By Elena Paravantes, RDN, Registered Dietitian Nutritionist, Mediterranean Diet Expert
I’ve been asked many times to provide an authentic Mediterranean Diet meal plan, and when we say authentic, we mean it! The reason for this is that most “Mediterranean Diet” meal plans I see online are anything but. Sorry, but edamame beans, minuscule amounts of olive oil, canola oil, meat with every meal etc. are not part of a Mediterranean Diet.
The Mediterranean Diet is considered the Gold Standard of diets. It was voted Best Diet for 2018 from US News and is associated with numerous health benefits supported by strong evidence. This covers heart Health, Cancer Prevention, Psychological Health, Alzheimers, Fertility, Weight Loss and many more.
Now I have to say, I am not a supporter of rigid plans, however it is important to eat at somewhat regular times so you don’t end up feeling very-very hungry at any particularly moment of the day. Having said that, I also think it is important to be able to actually feel hunger, and look forward to eating a meal. While adding a snack here and there is good to keep blood sugar and hunger levels in balance, snacking can also backfire. Many times we eat a snack without being hungry or we depend on ready-made snacks such as granola bars, juices, smoothies etc. which not only add quite a few calories but also are a processed food with all that entails.
Below is a quick graphic of a meal plan on the traditional Mediterranean diet, it is the same meal plan that I also follow. Under the graphic you can find details, tips and links to the recipes. I provide a variety of choices for meals that you can mix and match with links to the recipes. For more ideas just head over to the Recipe Index and you will find a large selection of Mediterranean recipes.
The Authentic Mediterranean Diet Meal Plan
Details, Tips And Recipes
Choice #1: Whole grain bread with an unsweetened nut butter (I use tahini)
Choice #2: Barley rusk with olive oil, crumbled cheese and olives
Choice #4: Full fat Greek yogurt with nuts, fruit and honey
Choice #5: Whole grain bread + a piece of cheese + tomatoes
*A seasonal fruit
Lunch in the largest meal of the day. If you have trouble doing that, you can switch dinner with lunch and try and have dinner somewhat early.
Choice #1: Lathero Dish (seasonal vegetables or beans cooked with olive oil, herbs, and tomato sauce accompanied by bread and cheese). This is what you will have 3-4 times a week. Typically this is green beans, peas, spanakorizo (spinach-rice) and cauliflower cooked in this way. This is accompanied by a slice of bread and feta. Click here for lathera recipes. Please note that one serving consists of 3-4 servings of vegetables.
Choice #2: Pita like spanakopita with a salad on the side. Click here for pita recipes.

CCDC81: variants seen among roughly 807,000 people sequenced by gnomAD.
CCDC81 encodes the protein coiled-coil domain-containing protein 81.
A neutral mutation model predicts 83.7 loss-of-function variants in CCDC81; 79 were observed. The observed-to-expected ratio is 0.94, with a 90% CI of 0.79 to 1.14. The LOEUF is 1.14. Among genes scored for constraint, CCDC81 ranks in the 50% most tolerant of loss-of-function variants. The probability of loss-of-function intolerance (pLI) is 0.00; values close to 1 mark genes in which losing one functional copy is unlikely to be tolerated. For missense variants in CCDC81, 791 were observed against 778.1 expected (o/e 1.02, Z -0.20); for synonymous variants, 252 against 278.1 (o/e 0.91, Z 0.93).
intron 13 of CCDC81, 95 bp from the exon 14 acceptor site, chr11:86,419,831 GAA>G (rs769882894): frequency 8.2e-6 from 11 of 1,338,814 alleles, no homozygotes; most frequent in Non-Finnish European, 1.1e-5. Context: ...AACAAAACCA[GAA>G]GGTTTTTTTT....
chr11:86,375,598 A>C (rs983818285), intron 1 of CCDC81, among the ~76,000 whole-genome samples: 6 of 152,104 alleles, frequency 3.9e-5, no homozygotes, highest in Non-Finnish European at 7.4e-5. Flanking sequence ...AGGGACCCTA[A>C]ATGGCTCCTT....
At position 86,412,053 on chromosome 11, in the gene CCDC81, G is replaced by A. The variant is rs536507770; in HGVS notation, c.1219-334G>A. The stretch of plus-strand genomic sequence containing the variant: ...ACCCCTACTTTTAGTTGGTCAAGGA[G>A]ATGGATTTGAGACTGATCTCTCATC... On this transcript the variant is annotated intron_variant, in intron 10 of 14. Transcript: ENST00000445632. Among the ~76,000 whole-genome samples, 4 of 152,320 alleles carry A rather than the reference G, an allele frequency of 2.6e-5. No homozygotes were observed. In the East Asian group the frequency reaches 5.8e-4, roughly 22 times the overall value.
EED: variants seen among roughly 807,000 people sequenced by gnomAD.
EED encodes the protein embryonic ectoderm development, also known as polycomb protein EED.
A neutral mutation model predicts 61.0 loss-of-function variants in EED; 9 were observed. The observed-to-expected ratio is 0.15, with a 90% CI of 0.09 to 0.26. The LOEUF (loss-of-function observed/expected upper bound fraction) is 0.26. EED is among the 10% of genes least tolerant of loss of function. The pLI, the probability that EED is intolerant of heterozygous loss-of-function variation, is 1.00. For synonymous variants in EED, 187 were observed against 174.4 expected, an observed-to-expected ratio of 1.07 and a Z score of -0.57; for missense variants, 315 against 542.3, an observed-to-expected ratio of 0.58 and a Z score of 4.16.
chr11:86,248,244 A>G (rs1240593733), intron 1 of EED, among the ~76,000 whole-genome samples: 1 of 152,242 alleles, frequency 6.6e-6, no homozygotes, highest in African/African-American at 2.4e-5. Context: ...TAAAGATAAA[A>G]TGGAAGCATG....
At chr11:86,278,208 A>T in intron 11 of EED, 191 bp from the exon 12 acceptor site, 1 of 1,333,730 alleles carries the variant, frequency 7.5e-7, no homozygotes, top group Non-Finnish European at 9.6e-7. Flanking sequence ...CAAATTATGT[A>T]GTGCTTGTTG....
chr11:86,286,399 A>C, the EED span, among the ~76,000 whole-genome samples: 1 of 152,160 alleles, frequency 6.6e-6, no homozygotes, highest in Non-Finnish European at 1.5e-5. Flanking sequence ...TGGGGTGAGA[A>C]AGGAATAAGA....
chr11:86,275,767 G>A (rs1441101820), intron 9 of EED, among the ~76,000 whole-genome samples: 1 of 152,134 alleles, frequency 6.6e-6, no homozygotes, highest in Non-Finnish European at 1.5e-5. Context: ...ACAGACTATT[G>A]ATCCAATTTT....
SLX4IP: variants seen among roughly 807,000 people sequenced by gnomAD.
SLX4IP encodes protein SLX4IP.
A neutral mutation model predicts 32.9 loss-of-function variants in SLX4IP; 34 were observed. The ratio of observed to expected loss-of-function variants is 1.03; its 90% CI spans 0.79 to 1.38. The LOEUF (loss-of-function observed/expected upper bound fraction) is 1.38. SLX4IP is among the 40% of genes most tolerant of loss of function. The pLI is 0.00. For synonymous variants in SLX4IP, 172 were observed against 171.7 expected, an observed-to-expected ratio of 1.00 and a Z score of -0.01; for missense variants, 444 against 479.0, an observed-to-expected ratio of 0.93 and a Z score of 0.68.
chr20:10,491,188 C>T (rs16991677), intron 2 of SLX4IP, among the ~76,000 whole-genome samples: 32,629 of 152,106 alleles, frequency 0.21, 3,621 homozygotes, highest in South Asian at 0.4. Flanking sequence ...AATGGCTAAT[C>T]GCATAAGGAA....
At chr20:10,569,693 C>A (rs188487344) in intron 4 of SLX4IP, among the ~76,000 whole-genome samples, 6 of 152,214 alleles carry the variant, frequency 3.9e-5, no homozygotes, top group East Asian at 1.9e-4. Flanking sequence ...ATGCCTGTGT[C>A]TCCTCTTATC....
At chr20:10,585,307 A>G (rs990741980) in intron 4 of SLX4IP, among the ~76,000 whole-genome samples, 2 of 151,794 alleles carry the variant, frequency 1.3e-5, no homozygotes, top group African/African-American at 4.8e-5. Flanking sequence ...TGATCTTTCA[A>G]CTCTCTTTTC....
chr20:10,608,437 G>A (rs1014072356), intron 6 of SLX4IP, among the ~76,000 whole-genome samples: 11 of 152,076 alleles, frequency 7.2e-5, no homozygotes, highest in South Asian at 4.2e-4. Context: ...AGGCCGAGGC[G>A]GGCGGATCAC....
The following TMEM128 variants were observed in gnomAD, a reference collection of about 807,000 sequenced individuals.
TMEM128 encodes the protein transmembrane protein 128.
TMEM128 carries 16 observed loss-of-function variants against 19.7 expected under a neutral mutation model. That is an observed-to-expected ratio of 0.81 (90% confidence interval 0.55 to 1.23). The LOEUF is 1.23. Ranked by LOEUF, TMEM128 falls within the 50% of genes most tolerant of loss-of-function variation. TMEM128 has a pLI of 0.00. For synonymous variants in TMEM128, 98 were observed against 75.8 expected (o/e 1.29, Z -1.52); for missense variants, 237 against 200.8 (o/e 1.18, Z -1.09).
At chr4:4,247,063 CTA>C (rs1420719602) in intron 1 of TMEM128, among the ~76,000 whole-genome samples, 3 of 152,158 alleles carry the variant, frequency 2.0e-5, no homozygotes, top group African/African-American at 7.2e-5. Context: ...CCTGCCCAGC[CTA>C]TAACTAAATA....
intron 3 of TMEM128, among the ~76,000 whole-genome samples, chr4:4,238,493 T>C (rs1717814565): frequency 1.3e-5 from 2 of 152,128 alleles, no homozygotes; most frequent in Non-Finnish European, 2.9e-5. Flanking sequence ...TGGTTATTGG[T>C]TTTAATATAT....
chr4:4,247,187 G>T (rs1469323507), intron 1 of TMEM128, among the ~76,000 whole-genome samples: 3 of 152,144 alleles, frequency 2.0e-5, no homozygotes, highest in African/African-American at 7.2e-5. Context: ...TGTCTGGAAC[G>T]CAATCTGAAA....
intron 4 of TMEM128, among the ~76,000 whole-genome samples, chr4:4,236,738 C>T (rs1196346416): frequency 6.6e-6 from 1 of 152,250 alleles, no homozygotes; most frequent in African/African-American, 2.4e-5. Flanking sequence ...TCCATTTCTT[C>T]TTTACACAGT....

Choice #3: Once or twice a week a chicken dish such as Greek style stewed chicken with a seasonal salad
-Snack- (if hungry)
*Tomato with a rusk and sometimes cheese + a serving of fruit
*1/2 cup Greek yogurt with fruit
Dinner is a lighter meal, so it is generally good to keep fairly light-avoid meats and heavy sauces. Typically it is a small serving of lunch or a meal rich in vegetables.
Wine (1 – 1 ½ glass) and a small meze platter (2-3 olives, a few pieces of cheese, tomato or carrot sticks)
Choice #1: A smaller serving of lunch
Choice #2: A large salad (in the winter mainly greens, in the summer tomatoes) with an olive oil salad dressing, grated or crumbled cheese, and nuts (walnuts, pine nuts or almonds). Click here for salads.
Choice 3: Roasted vegetables in olive oil (cauliflower or a mix –like briami). This is an easy and effortless way to get prepare vegetables and consume it as a main course.
Choice 4: Omelette with feta accompanied by a simple salad such as tomato and cucumber with olive oil or a green leafy salad.
Choice #5: Yogurt with rusks and fruit. This is a typical evening meal, partici;ay if lunch has been a bit larger.
*Once a week chicken and once a week another type of meat or fish, accompanied by salad or greens (horta)
*One or two meals a week contain some sort of pasta.
- Beverages: Aim to drink 1 ½ liters of water (6 cups) + herbal beverages a day. Avoid any other beverages except wine.
- Olive oil is the main source of fat, do not skimp. Benefits are seen at a consumption of at least 2 tablespoons a day. Olive oil also provides satiety (among many other benefits) which is important if you are eating a meal made only with vegetables.
- Lathera dishes usually last 2-3 days (in fact they taste better the next day). I also use frozen peas or green beans in the winter for my lathera.
- Pites can be assembled (and baked) and frozen.
- Try and eat your main (largest) meal as early as you can.
- Cheese and yogurt are your main dairy sources.
- Finally, this is meant meant to be a guide, as each person’s (calorie) needs varies depending on age, gender, physical activity level etc. However, I advise you check the Greek Nutrition Guidelines which basically represents the Mediterranean diet that includes a range of servings. Go here to check the Greek Diet guidelines.
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